ACSS Conducts Botswana alumni chapter’s symposium on environmental challenges to the country’s security

By Africa Center for Strategic Studies
Updated: 10/12/2011


View photos from this event.

Africa Center for Strategic Studies (ACSS) staff members, Dr. Mathurin Houngnikpo, Mr. Bradley Anderson and Ms. Emily Renard were in Gaborone in mid-September to take part in the Botswana alumni chapter’s symposium on environmental challenges to the country’s security.

More than 100 Botswana civilian and military leaders and their US counterparts attended the September 19 conference, which was part of ACSS’s community chapter Topical Outreach Program Series (TOPS).

ACSS community member Augustine Makgonatsotlhe, Permanent Secretary at the Office of the President, opened the symposium by saying he was focused on engaging with civil society and improving citizens’ understanding of the military. He applauded the ACSS chapter for being a forum of debate and called its evolving maturity a sign of Botswana’s healthy democracy.

For her part, US Ambassador Michelle Gavin praised the professionalism of the Botswana Defence Force in executing its duties for the betterment of the whole nation.

The alumni chapter’s executive committee decided to devote the day’s major presentations to environmental challenges to stability and national security.

The audience first heard from the Institute for Security Studies’ Dr. Wilson Kipkore on the mounting concerns of climate change, natural disasters and food insecurity threatening the nation. He focused on the dangers inherent in competition for scarce water, saying that nations need to bolster regulations governing water allocation and use but, more importantly, must work to enforce the rules inside their own borders and regionally. He called on Africans to include the safeguarding of infrastructure and the environment when endeavoring in peacekeeping operations around the continent.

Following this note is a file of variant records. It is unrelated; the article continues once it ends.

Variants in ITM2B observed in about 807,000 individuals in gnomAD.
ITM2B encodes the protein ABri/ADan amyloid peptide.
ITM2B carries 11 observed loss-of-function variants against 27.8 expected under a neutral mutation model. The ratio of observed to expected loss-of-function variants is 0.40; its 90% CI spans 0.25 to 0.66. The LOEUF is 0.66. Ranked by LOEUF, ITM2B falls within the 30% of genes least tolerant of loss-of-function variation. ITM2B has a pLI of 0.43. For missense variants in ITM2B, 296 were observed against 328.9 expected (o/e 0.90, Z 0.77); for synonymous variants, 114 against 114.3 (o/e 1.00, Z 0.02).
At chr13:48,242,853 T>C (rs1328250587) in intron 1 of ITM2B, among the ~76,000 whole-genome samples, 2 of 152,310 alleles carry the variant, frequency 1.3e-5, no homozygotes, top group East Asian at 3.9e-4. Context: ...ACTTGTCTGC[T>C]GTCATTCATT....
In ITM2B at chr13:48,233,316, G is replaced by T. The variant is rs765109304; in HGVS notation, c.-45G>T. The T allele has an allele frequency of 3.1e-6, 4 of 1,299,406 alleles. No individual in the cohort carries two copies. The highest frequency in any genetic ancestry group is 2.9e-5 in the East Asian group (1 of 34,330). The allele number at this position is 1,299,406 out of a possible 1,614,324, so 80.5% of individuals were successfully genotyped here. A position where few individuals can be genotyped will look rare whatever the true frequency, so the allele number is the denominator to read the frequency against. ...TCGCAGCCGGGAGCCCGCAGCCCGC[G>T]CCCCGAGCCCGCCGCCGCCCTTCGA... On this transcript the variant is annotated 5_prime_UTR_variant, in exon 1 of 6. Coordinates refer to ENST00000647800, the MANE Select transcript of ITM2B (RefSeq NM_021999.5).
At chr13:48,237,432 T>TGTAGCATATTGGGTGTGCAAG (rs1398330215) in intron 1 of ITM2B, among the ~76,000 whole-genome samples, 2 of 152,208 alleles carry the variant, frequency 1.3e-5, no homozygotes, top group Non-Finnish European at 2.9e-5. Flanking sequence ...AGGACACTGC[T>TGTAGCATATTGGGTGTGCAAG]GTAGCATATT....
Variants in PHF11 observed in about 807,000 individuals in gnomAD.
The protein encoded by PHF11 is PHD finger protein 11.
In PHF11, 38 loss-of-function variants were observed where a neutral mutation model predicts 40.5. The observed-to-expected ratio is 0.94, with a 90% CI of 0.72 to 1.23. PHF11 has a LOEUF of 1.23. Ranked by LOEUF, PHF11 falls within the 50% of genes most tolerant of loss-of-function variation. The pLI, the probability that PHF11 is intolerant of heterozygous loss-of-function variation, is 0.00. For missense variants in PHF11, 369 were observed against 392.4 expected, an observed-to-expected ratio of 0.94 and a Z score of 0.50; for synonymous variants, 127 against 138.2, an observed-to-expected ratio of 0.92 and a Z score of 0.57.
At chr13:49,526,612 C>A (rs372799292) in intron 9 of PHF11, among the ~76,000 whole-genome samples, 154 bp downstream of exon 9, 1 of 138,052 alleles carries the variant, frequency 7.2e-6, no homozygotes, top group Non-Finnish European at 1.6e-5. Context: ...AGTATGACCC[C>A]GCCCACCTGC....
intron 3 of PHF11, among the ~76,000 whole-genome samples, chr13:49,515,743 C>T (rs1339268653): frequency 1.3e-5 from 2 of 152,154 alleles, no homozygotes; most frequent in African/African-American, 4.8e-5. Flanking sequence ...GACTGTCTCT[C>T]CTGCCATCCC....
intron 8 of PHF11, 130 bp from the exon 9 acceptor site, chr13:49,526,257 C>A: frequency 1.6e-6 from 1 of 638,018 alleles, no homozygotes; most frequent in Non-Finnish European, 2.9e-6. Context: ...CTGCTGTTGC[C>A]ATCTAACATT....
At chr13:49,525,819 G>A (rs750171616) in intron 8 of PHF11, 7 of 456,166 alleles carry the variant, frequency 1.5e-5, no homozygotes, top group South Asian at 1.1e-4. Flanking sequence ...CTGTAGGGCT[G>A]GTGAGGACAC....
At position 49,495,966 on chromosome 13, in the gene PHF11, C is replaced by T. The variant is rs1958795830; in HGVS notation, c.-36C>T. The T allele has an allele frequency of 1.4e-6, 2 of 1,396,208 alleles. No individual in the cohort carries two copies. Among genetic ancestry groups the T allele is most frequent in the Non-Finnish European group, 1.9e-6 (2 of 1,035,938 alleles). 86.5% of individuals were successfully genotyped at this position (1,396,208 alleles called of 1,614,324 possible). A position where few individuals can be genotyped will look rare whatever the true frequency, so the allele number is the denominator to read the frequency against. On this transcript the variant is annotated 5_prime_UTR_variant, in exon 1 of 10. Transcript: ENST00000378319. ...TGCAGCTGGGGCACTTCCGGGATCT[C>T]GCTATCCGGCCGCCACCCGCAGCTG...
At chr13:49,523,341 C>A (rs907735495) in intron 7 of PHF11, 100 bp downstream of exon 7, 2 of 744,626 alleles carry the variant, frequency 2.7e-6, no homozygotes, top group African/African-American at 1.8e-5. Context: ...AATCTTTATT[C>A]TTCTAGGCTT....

Later, ACSS’s academic chair of civil-military relations, Dr. Mathurin C. Houngnikpo, spoke about how leaders could better address environmental and security issues if they worked across borders to form regional collaborations.

The lectures sparked an energetic and frank discussion by attendees about the role of sustainable development and energy generation in the context of Botswana, environmental crimes, and the possibilities of regional cooperation. Many said they had never thought of environmental issues as security concerns. They decided that alumni must become advocates for environmental protection within the government of Botswana and in regional associations.

The chapter’s leadership said the Ministry of Defence, Justice and Security voiced hopes that the alumni organization would act as a bridge between generations, creating a platform for retired senior military and civilian officers to stay engaged and offer guidance to active leaders on the country’s security issues.

The ACSS community chapter Topical Outreach Program Series is the organization’s flagship initiative for maintaining active, positive and substantive Africa Center relationships with ACSS community members, expanding on efforts to reach non-traditional audiences in Africa, and continuing Africa Center academic programming on the continent in countries not visited through other formal ACSS programs. TOPS are run in 29 ACSS community chapters throughout Africa.

The Africa Center for Strategic Studies is the premier agency of the United States charged with advancing U.S. security interests in Africa through the development of a self-sustaining, networked and empowered community of current and future African security sector leaders.